“I won’t know what to do with myself when you’re gone” said S, referring to the week long holiday the boys and I had squeezed in to our busy summer schedule to introduce Baby A to family residing in Spain.
“Oh, I’m sure I can think of something” I said, cutting O’s toast into the pre-requisite squares.
“I don’t doubt it. I suppose what I meant was, I won’t know what to do with myself. But I know you will. I’m sure I’ll get a list….”
I put O’s toast on the table and cajoled him away from the iPad which seems, of late, to be surgically attached to his middle finger.
“You’ll have a nice week without me nagging” I said “but thinking about it, I can probably manage that from abroad….”
I think I heard a groan.
“And yes, I do have a list. Top of it is O’s B-E-D. I’m heading to IKEA tomorrow to get it.”
“Which one?” S asked, draining his coffee.
“With the L-A-D-D-E-R”
O munched on, oblivious to our planning.
“Ah, good idea.” S gathered his bag and coat and planted a kiss on O’s head. “You know he wants the C-A-N-O-P-Y with it?”
I sighed. It so didn’t go with the muted yellows and dirty blues of the Ferm Living robot wallpaper hung on the chimney breast…..a paper even S loves. “If O doesn’t want it, I’ll have it” he’d commented when I stumbled across it some three years ago. But back to the canopy….it wasn’t only the limited options of lime green or royal blue which posed a design problem. I’d visualised ditching the canopy and instead hanging a Ribba picture ledge along the bed’s length to serve as a bedside bookshelf where a small selection of books could be displayed, covers facing out, for bunk-bed reading. It was an idea I’d pinned during a virtual research expedition where I’d found elaborate examples of the Kura bed turned into castles, tree houses and fairy kingdoms, fire engines, police cars and palaces. The bookshelf idea was probably one of the least inventive hacks….if indeed you could call it a hack….but S’s stern shake of the head stopped me in my tracks. I would get the canopy….
I considered my purchasing options. After my pre-baby disastrous excursion to IKEA I vowed I’d never go back there again. On that occasion I learned the hard way that in-store they only do next day delivery. This time that’s exactly what I needed. It would be no fun having a bed delivered on some inconvenient day within a 12 hour window to South London whilst the boys and I were larking about in a pool on the Costa. So shopping online was ruled out and a visit in person was deemed the only option. But considering how little Baby A likes to shop I realised I may live to regret the decision. His views on this particular activity were made quite clear (and in full voice) during a holiday-wardrobe buying spree to Bluewater which was hastily aborted once Id hurriedly plucked from the sale rail what turned out to be a mismatched bikini and the last available pair of Havainas. Both of which were served to me by a pitying gel-nailed sales assistant, her drawn-on eyebrows raised in disbelief at the level of decibels a four-month old with a hatred of department stores can actually make.
I steeled myself.
The trip it turned out wasn’t quite as bad as I’d feared. How, I’d worried, could I possible manhandle a bunk bed into a trolley whilst manoeuvring the pushchair around the store? The sling, I light bulbed. Then I thought again. Would it really be any easier to manhandle a bed onto a trolley with a baby strapped to my chest?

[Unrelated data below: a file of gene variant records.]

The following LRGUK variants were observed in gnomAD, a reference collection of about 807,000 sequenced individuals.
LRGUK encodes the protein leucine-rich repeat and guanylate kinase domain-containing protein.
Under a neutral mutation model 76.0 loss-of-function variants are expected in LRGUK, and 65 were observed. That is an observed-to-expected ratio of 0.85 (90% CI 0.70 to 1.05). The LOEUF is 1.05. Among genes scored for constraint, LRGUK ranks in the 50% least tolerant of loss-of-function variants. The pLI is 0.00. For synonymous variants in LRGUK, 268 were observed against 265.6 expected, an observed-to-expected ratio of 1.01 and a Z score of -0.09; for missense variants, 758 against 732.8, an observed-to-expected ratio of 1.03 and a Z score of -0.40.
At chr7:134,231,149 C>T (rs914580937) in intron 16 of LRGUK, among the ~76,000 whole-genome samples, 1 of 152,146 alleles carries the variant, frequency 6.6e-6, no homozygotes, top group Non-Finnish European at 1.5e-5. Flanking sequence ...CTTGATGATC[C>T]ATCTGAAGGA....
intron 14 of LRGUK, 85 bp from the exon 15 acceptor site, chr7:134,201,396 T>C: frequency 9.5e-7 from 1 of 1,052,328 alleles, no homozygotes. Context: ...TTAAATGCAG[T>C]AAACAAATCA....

The solution came in the form of a ten pound “picking fee”. For this I could have someone else load up the trolley, leaving me with only my yellow bag of the customary odds and sods one inevitably picks up whilst pacing the Market Place. In my case, and to S’s utter disbelief, this was frames.
Delivery however wasn’t quite as straight forward and having waited in all day to receive it we were called at 7pm that evening to be told the driver had exceeded his allotted driving hours and the bed (and full length bedroom mirror, and two miniature chairs, and two more square mirrors for the snug….other impulsive buys I had delayed telling S about) couldn’t be delivered until the next day “between 8am and 9pm”. Our trip to the airport made this a tad inconvenient but one of our many kind neighbours saw to it and all was fine.
The holiday in Spain was made all the better in the knowledge that once we returned home O’s big boys bed would be ready and waiting. A detailed plan had been pinned to the fridge setting out the new positioning of artwork and furniture and each day I received updates from S as to its progress. The updates were, of course, without the blasphemy which I had no doubt was accompanying the hateful task so it felt pretty win win as far as I was concerned. S may beg to differ.
Arriving home from our break, suntanned and full of stories of rides on Grandad’s dumper, ballgames in the pool and late night excursions to the fairground where the novelty of the darkening star studded sky was just as great as O’s first ride on the ‘crash cars’, S announced there was a surprise waiting.
“For me?” O asked, wide eyed.
“Where is it, my surprise?” he asked.
“You’ll find it upstairs….” S said.
“And will I like it?”
“I think you will. I hope you will”
No sooner had the key turned in the lock, O was upstairs. Pushing open his bedroom door he looked around in wonder.
“Wow.” he breathed. He liked it.
Despite the strangest IKEA-y whiff of the new mattress which seems to be stubbornly resisting any attempt at airing, the bed has been a hit. That said O only had one night to try it out before we all left for our second holiday, this time inclusive of Daddy. And whilst it’s not a fire engine, treehouse or palace this bed might just turn out to be one little boys castle…………